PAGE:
What you need to know about the first Hollywood work stoppage in 16 years.
The unions representing thousands of movie and television writers went on strike last week, bringing much production to a halt. It is the first Hollywood strike since 2007. Here is what you need to know.
Why are the writers striking?
Every three years, the East and West branches of the Writers Guild of America represent 11,500 writers of TV and film to negotiate a new contract with the major Hollywood studios. The negotiations this time were long expected to be fraught.
Television production has grown rapidly over the past decade, as media companies have invested billions into streaming services. But the writers have said that their compensation has stagnated. W.G.A. leaders have said the current system is broken, arguing that the “the survival of writing as a profession is at stake in this negotiation.”
How far apart are the two sides?
There is still a wide gap between what the writers want and what the studios are willing to offer. The Hollywood companies said their offer included “generous increases in compensation for writers.” The unions accused the studios of holding to an “immovable stance” in talks that has “betrayed a commitment to further devaluing the profession of writing.”
Tara Kole, a founding partner of the JSSK entertainment law firm, said: “Any hope that this would be fast has faded. I hate to say it, but it’s going to be a while.”
How will this affect movies?
It will take a lengthy strike for the movie pipeline to be affected, because of the long production times. Film studios work about a year in advance; most of the movies scheduled for release this year have already been shot.
How will this affect shows on TV networks and streaming services?
If the strike is prolonged, viewers will begin to notice a dip in new TV series, though that will not become apparent until the end of the year. Reality series as well as international shows will begin playing in heavy rotation.
Soap operas, already an endangered genre, will run out of new episodes after a month.
Every three years, the East and West branches of the Writers Guild of America negotiate a new contract on behalf of 11,500 TV and movie writers with the major Hollywood studios.Credit…Mark Abramson for The New York Times
How will the strike affect late-night shows?
Late-night shows, including “Saturday Night Live,” and series, like “The Tonight Show Starring Jimmy Fallon,” “The Late Show With Stephen Colbert,” “Jimmy Kimmel Live!,” and “Late Night With Seth Meyers” have gone dark. Before the strike began, Mr. Meyers said, “If you don’t see me here next week, know that it is something that is not done lightly, and that I will be heartbroken to miss you as well.”
During the 2007 strike, the late-night hosts stayed off the air for two months.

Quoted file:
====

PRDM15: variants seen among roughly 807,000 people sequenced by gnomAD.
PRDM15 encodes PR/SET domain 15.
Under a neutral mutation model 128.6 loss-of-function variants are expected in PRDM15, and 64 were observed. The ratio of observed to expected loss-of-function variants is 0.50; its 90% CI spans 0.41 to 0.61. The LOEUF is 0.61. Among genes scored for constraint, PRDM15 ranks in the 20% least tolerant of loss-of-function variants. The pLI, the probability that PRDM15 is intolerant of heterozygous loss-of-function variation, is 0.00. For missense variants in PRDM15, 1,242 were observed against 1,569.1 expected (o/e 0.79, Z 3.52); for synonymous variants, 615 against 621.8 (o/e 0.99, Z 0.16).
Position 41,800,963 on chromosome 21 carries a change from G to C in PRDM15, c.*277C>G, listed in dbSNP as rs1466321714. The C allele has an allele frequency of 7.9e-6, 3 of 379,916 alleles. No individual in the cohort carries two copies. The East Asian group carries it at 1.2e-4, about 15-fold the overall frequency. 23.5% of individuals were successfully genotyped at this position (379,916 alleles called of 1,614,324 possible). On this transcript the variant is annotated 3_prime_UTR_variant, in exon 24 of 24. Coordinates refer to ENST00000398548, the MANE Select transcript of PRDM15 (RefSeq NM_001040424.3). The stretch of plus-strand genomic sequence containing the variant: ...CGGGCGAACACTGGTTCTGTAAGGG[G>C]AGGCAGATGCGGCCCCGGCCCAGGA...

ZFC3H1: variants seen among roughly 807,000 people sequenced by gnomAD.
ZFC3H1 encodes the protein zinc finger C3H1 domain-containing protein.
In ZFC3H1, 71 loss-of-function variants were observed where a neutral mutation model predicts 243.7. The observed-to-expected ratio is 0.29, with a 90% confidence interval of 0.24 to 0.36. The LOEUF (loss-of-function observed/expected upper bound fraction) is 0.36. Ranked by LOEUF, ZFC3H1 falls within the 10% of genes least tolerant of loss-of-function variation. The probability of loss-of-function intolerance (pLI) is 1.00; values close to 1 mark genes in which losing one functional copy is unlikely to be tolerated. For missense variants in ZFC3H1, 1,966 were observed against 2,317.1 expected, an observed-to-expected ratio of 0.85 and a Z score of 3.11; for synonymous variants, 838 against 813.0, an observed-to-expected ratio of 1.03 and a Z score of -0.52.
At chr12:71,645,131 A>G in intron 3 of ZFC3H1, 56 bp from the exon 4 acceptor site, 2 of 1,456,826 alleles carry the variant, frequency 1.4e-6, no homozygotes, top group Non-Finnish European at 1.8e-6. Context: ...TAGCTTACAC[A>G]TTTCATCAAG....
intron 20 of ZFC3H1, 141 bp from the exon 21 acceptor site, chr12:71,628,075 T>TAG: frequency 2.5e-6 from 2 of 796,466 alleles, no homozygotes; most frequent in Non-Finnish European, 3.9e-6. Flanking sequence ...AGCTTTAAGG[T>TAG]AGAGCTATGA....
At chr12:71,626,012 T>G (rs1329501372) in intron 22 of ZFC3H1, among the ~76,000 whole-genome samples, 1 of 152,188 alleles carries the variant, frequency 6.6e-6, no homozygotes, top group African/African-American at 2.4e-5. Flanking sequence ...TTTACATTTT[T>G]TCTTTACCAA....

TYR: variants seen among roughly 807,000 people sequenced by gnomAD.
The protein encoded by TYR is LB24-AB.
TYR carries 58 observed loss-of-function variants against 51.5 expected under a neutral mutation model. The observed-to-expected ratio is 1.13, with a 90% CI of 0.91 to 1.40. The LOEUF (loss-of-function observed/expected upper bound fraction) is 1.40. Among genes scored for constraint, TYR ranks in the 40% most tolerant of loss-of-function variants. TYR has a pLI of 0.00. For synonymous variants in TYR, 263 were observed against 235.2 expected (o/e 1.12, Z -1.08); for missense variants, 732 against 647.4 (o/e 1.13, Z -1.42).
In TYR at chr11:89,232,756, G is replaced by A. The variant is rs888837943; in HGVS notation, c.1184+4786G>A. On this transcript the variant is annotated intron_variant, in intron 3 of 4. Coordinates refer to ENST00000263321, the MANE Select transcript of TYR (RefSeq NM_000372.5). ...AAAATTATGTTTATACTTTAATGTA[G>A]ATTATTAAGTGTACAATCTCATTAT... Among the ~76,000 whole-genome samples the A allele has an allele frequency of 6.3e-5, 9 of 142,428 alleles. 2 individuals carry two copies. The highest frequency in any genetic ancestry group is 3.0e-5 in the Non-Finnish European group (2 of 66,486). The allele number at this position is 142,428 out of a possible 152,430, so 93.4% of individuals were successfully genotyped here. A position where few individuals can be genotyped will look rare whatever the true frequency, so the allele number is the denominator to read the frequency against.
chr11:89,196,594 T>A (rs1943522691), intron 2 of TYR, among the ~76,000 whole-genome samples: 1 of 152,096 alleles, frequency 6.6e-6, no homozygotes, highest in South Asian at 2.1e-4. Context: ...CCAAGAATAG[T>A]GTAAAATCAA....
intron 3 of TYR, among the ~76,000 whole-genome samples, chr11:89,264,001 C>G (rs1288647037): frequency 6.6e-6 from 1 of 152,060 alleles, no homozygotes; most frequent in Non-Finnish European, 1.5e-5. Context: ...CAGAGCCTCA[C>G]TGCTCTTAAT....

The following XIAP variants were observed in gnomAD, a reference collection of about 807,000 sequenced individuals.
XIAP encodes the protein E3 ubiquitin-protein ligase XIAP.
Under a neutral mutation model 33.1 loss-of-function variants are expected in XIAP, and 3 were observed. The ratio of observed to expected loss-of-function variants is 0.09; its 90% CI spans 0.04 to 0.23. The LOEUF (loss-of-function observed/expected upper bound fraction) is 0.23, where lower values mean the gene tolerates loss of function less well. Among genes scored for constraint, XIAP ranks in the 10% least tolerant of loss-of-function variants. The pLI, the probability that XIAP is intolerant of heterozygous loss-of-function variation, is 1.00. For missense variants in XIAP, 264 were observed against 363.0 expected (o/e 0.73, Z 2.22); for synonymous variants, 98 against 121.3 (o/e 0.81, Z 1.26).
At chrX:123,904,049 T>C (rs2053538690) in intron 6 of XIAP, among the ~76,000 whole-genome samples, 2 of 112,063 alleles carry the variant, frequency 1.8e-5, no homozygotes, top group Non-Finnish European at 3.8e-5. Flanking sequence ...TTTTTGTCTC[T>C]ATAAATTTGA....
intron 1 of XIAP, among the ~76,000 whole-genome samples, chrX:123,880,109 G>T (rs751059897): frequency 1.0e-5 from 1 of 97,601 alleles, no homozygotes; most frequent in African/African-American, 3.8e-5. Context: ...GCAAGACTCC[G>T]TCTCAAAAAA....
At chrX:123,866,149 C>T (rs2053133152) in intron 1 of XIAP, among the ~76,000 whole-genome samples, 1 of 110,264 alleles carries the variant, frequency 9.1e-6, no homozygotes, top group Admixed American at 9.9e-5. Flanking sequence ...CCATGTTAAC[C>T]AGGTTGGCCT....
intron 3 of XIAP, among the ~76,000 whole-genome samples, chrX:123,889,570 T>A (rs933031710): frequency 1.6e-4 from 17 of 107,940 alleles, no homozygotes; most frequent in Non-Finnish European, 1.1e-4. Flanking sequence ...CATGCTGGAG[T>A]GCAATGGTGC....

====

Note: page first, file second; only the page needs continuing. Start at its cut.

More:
Are the writers united?
Historically, yes. There have been decades-long tensions between writers and the studios, with writers often feeling like second-class citizens, especially when compared with actors and directors. In mid-April, more than 9,000 writers authorized a strike with 98 percent of the vote.
Screenwriters have walked out several times, and they have had the stomach for long strikes in the past. The 2007 strike lasted 100 days. The longest strike, in 1988, dragged on for 153 days.
What are the writers’ complaints?
The writers have said there were several issues that were vital to them in this negotiation, including putting up guardrails about artificial intelligence. But compensation is the most crucial issue to them.
They have argued that the streaming world has eroded their working conditions. Many streaming shows have 8 to 12 episodes per season, compared with the more than 20 episodes made for traditional television.
Writers are fighting for better residual pay — a type of royalty for reruns and other showings — which they have said is a crucial source of income for the middle-class writer who has been upended by streaming.
They are also fighting what they describe as “abuses” of so-called minirooms. There’s no one definition of a miniroom. But in one example, a miniroom is made up of a small group of writers who have been hired by studios before a show has been given an official greenlight. But because it isn’t a formal writers’ room, the studios use that as a justification to pay writers less.
Writers in mini-rooms will sometimes work for as little as 10 weeks, and then have to scramble to find another job.
What do the studios say?
The studios argue this is not the best time for a major change in how writers are paid.
The advertising market is grim, and cable and broadcast networks, which had been highly profitable for decades, are hemorrhaging viewers. Wall Street has soured on media companies since Netflix lost subscribers for the first time in a decade last year. That has forced studio executives to quickly find a way to turn their money-losing streaming services into profitable entities.
The fallout has been significant. Disney is in the midst of laying off 7,000 workers. Warner Bros. Discovery cut thousands of jobs and shelved titles last year as they confronted a huge debt load. Many other studios are adopting similar cost-saving measures.
What about collateral damage?
A prolonged production shutdown could hurt the workers that help support productions, such as drivers, dry cleaners, caterers, carpenters and lumber yard workers. In the 2007 strike, which lasted 100 days, the Los Angeles economy took an estimated $2.1 billion hit.